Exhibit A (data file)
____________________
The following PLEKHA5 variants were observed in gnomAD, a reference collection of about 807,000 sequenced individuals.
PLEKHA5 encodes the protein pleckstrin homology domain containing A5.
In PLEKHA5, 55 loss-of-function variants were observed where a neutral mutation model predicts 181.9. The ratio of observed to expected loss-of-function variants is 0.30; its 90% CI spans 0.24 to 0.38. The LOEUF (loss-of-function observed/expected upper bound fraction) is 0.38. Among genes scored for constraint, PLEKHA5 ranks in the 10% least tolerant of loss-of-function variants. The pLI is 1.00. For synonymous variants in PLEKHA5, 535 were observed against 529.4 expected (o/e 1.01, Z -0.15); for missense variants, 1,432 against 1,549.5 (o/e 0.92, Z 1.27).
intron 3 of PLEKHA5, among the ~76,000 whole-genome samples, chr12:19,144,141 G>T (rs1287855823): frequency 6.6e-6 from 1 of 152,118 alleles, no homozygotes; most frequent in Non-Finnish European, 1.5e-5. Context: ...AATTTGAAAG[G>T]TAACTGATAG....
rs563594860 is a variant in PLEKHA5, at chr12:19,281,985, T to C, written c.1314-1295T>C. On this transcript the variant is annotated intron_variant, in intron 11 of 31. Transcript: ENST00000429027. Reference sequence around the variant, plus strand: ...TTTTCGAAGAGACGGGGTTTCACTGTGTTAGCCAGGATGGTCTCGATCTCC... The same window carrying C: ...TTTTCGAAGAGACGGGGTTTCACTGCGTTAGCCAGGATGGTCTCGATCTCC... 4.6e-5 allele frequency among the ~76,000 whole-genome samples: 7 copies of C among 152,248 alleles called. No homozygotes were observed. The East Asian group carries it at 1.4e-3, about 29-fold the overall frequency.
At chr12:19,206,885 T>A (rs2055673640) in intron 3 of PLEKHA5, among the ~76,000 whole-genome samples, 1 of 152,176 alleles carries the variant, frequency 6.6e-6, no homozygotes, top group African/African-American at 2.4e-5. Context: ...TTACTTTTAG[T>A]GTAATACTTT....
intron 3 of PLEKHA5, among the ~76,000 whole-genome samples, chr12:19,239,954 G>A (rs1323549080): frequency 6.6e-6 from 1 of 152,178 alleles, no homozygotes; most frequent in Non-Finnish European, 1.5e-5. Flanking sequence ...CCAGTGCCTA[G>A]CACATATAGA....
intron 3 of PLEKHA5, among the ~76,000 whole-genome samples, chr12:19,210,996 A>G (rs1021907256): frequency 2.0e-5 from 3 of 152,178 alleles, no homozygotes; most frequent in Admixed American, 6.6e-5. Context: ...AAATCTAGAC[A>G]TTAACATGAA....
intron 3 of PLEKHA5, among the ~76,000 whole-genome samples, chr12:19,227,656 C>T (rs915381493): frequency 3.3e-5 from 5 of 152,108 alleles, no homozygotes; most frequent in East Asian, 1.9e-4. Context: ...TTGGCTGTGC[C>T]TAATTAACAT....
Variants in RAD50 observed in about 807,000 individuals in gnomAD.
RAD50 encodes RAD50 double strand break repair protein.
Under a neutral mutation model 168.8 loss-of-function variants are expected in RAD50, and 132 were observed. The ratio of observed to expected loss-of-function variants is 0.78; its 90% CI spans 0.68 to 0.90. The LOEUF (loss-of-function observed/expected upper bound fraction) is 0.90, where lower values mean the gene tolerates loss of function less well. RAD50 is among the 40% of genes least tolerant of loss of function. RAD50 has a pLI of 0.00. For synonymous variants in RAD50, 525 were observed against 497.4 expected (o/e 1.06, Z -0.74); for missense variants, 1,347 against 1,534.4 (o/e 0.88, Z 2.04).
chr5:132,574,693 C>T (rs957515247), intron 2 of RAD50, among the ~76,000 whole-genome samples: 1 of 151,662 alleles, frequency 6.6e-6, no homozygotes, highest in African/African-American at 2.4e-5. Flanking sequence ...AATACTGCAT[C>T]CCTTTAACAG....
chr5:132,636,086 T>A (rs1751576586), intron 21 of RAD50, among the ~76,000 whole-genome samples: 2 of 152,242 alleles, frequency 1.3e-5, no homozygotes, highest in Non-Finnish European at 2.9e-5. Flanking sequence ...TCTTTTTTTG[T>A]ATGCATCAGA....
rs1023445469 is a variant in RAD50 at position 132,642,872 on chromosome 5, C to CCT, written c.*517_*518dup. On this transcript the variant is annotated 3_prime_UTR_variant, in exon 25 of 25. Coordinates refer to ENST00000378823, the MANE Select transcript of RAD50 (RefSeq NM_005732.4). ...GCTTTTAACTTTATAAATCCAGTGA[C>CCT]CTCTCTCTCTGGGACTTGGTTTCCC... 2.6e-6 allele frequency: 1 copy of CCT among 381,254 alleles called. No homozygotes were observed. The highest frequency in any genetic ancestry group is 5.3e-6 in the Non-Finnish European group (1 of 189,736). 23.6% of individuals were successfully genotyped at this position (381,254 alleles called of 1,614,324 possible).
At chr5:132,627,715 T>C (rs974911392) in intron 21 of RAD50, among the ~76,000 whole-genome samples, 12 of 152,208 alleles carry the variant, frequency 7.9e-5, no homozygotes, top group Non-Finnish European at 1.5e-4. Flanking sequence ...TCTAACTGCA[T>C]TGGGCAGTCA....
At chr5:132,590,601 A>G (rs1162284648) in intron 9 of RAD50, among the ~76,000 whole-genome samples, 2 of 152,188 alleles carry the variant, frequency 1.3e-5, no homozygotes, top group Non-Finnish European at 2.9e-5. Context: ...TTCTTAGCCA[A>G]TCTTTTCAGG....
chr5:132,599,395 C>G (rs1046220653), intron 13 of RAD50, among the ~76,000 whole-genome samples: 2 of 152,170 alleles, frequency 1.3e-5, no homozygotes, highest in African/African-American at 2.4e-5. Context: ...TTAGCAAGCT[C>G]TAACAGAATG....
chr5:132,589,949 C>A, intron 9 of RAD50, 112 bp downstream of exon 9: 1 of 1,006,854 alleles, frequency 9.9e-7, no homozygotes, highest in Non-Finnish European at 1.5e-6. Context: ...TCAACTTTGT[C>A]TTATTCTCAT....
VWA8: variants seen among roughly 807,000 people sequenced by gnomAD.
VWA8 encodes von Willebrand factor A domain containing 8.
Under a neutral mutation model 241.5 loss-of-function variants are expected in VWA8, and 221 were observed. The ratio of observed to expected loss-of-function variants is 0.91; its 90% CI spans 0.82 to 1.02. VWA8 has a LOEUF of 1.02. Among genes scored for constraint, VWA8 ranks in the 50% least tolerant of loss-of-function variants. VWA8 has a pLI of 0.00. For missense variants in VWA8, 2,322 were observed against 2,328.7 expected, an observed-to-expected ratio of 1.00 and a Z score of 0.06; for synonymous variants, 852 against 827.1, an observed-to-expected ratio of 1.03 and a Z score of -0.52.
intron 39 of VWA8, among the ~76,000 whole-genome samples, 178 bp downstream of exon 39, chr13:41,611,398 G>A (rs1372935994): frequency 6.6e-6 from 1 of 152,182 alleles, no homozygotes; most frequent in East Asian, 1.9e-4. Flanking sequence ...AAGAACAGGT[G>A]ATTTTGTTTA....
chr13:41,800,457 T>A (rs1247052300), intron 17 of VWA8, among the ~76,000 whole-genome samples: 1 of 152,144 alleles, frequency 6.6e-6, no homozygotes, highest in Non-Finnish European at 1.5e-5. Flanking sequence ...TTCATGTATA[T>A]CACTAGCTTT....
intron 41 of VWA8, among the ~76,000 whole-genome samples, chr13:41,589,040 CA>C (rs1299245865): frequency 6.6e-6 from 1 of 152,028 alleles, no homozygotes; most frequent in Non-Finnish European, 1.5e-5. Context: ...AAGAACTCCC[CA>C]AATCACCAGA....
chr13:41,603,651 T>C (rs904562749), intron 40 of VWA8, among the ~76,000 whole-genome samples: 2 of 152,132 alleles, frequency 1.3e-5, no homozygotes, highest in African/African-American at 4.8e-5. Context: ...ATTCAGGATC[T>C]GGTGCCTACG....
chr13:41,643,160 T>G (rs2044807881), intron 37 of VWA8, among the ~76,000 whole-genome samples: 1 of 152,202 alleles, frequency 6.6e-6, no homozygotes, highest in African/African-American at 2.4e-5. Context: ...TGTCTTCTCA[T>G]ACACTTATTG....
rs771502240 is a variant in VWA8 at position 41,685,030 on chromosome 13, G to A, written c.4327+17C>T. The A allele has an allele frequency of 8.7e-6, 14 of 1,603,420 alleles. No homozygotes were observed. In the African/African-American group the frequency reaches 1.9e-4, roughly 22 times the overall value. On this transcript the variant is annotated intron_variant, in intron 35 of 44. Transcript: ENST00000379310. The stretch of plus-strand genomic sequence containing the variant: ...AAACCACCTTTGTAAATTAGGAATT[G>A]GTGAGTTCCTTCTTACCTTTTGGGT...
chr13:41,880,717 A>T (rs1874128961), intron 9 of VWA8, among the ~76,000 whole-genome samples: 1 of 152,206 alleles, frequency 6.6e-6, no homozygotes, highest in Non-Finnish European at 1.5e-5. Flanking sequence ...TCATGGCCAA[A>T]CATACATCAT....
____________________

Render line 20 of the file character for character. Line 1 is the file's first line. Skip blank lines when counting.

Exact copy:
VWA8: variants seen among roughly 807,000 people sequenced by gnomAD.